I see this often for beginners in my Traditional Taekwondo class - but I'm sure it's the same for other martial arts. You're practicing a technique against an attack, and the demo requires you to shift a little to one side and counter attack. This allows you to draw in the attacker and use the attacker's own forward momentum to augment your counter attack. However, beginners responding to the attack most often take a step backward or a huge step to the side in order to get away from the attacker. The attacker is then able to easily repeat the attack with his own forward momentum, and the poor beginner is on a worse-off footing.
In basic training, we oftentimes train at a specific distance against an opponent. This is not just a way to inculclate muscle memory for the student. The distance is essential for proper counter attack to occur; and of course proper application of power generation. Too far away from the attacker and there will be no power and no penetrative force. THis type of basic training, too often poo poo-d by intermediate and senior students helps you condition yourself to the critical success factors that will place you in a tactically advantageous position and to succeed in your counter attack.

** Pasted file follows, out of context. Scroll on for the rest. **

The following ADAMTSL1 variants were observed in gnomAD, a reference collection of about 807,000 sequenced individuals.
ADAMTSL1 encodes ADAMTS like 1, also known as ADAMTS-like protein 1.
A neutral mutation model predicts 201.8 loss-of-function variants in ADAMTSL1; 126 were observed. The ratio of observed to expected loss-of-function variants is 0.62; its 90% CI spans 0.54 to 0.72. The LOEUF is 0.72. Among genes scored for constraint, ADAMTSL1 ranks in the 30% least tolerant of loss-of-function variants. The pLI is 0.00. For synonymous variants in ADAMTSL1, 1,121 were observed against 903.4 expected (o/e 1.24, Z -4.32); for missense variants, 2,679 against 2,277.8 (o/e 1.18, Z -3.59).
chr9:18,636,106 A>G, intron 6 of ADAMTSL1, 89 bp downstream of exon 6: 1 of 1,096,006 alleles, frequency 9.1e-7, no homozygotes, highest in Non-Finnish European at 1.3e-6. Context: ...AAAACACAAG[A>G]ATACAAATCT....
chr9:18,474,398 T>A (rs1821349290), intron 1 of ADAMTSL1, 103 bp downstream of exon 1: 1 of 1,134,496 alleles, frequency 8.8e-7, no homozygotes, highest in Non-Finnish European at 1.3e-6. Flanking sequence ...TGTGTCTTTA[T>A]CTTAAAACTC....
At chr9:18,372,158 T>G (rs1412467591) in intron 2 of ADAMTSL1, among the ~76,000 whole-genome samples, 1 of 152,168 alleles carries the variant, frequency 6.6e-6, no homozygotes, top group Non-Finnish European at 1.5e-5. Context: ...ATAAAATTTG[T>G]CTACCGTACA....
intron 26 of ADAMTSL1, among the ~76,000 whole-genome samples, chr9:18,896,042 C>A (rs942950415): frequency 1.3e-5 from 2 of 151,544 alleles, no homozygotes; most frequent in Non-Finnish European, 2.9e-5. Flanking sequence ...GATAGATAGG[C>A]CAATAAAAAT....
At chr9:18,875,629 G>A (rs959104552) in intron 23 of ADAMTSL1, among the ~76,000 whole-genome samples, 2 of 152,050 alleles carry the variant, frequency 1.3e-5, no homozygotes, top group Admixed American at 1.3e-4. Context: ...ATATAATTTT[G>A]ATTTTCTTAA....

This is related to advice I give in self defence classes - you must replicate the exact conditions which are present in your training. This is why it is tough practicing on your brother or your bf ... they are not going to be pressing the attack as hard as an opponent trying to intimidate you and who is intruding on your personal space.
Why do I have to do this again? By William Mioch
SHort range and close quarter Taekwondo
Self Defence TDA Tip: Trained v Untrained
Traditional Taekwondo Training: Thought of the Moment
Taekwondo v Raw Beginners
Taekwondo Techniques, Patterns, and Applications at the Traditional Taekwondo Blog. [Subscribe using email or RSS feeds] [Tkd Sitemap]
Join Colin FaceBook!